The Ultimate Fighting Championship didn’t want Mark Hunt and offered to pay him to go away, but Hunt knew something the UFC didn’t; he was a top heavyweight in the world despite his Pride FC record.
UFC president Dana White explained following the UFC 158: St-Pierre vs. Diaz pre-fight press conference on Thursday how Hunt went from unwanted to being one punch away from a title fight.
“(UFC matchmaker) Joe Silva was doing the deal to sign Mark Hunt for the (Junior dos Santos) fight. They were going back and forth, and Joe Silva called and said they turned down the fight. There’s a lot of different ways you can turn down a fight,” said White.
“I ended up calling Mark Hunt. When I talked to him, he was upset about a lot of things, a lot of things I didn’t know about. We talked. We had a good conversation. Then I called him back and fixed some of the things he was talking about, and now he’s back and we ended up getting the fight done.”
Hunt felt disrespected and unwanted, and rightfully so.
“There were a lot of things that he was upset about. One of the big things that happened with Mark Hunt was he felt very disrespected and felt like he never really belonged here because recently when we did this Pride deal, he had a contract in place with Pride. We didn’t want to bring him into the UFC because he had a losing record in Pride. We didn’t want to bring him into the UFC, so we said, listen, we’ll pay you the money and you can ride off in the sunset at the end of the day. He was like, ‘(expletive) that. I want to be paid to fight. I want to come in and fight.’ First of all, a losing record, his age, everything. The guy hadn’t fought in a long time. It was like it makes no sense to bring this guy in,” explained the UFC president.
“He fought it and fought it and fought it. Finally we said, fine. You want to earn the money and fight anybody, come on in. Since that day, how we didn’t want him and have him basically go away, he took incredible offense to that and then never really felt like he fit or belonged here. I understand that,” he added.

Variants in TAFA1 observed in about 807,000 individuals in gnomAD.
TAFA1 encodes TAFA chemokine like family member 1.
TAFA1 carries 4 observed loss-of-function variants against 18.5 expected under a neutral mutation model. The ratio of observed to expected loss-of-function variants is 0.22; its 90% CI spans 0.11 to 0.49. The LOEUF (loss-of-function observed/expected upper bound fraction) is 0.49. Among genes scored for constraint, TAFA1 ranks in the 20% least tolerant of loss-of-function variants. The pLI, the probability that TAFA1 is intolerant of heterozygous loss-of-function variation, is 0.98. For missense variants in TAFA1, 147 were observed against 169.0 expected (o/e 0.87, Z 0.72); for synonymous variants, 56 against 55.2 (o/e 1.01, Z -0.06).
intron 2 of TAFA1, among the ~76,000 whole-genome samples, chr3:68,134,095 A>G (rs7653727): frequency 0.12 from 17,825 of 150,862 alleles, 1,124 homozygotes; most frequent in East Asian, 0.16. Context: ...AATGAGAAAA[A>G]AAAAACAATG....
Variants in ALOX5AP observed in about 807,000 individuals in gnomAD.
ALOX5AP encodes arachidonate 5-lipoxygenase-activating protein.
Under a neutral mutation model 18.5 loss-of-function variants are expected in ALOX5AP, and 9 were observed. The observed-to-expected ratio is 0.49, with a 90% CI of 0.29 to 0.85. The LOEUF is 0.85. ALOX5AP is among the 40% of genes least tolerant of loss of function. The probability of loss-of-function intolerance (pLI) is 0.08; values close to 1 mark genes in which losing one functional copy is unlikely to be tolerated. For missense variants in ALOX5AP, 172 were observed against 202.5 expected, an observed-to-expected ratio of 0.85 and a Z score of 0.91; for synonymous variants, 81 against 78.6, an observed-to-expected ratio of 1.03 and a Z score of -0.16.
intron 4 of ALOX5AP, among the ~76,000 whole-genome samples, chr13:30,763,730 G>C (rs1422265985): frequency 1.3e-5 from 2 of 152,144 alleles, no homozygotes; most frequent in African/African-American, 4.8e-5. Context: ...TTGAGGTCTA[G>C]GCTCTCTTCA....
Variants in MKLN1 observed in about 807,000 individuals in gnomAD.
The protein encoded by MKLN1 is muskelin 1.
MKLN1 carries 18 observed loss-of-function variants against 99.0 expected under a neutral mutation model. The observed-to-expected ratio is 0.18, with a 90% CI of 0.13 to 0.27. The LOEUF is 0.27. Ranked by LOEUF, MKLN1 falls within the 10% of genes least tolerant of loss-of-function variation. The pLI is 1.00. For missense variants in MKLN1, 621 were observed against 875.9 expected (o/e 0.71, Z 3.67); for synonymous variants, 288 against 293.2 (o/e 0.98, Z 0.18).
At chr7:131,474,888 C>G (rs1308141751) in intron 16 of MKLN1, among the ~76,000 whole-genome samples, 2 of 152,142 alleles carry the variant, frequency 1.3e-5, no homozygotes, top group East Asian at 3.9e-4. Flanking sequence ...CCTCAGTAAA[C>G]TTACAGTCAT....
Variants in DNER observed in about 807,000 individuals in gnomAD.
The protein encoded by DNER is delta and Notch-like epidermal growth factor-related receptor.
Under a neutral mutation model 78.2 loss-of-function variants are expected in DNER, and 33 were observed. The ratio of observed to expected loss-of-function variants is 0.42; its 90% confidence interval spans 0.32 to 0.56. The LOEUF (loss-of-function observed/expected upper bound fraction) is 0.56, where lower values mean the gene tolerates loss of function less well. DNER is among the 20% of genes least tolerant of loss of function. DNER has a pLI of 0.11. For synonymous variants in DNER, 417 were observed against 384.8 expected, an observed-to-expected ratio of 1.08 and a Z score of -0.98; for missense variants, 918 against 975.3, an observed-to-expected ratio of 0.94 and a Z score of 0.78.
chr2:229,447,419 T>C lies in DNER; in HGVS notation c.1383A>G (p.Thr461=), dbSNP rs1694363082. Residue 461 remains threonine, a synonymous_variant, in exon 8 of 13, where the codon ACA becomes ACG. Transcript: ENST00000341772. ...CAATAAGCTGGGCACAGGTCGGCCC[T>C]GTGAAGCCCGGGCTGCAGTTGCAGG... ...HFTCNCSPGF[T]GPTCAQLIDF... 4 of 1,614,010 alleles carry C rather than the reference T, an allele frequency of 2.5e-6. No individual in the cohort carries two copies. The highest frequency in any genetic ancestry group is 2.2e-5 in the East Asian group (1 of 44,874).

“I said I’m going to fix the things that have made you feel this way. I understand why you feel this way and I’m sorry that this happened to you. We do respect you, and I think you’re one of the best stories in sports right now to be honest with you. It took a couple of days. I got everything worked out, and now he’s ecstatic and happy, and I’m happy that I could do it,” said White.
Hunt was on a five-fight losing streak when he made his UFC debut against Sean McCorkle at UFC 119 in September 2010. He was submitted by McCorkle in just over a minute, but the UFC didn’t release him from contract.
“We just didn’t cut him. We kept him. Now imagine had we cut him,” reflected White.
“Even though we weren’t wrong, we ended up being wrong. He proved us wrong. He proved anyone who doubted him wrong.”
Since the loss to McCorkle, Hunt has gone on a four-fight winning streak, finishing three of the four opponents by knockout. He earned Knockout of the Night honors in his last outing at UFC on Fuel TV 8: Silva vs. Stann on March 3, breaking Stefan Struve’s jaw in the process.
Hunt faces dos Santos at UFC 160 on May 25, from the MGM Grand Garden Arena in Las Vegas. A win over dos Santos will put Hunt in line for a UFC title fight.
“If he knocks Junior dos Santos out, I mean, how is this guy not next in line? It would be crazy to think that he couldn’t,” said White.
Asked if the Hunt vs. dos Santos fight is a No. 1 contender bout, White answered, “I would have to say yeah.”
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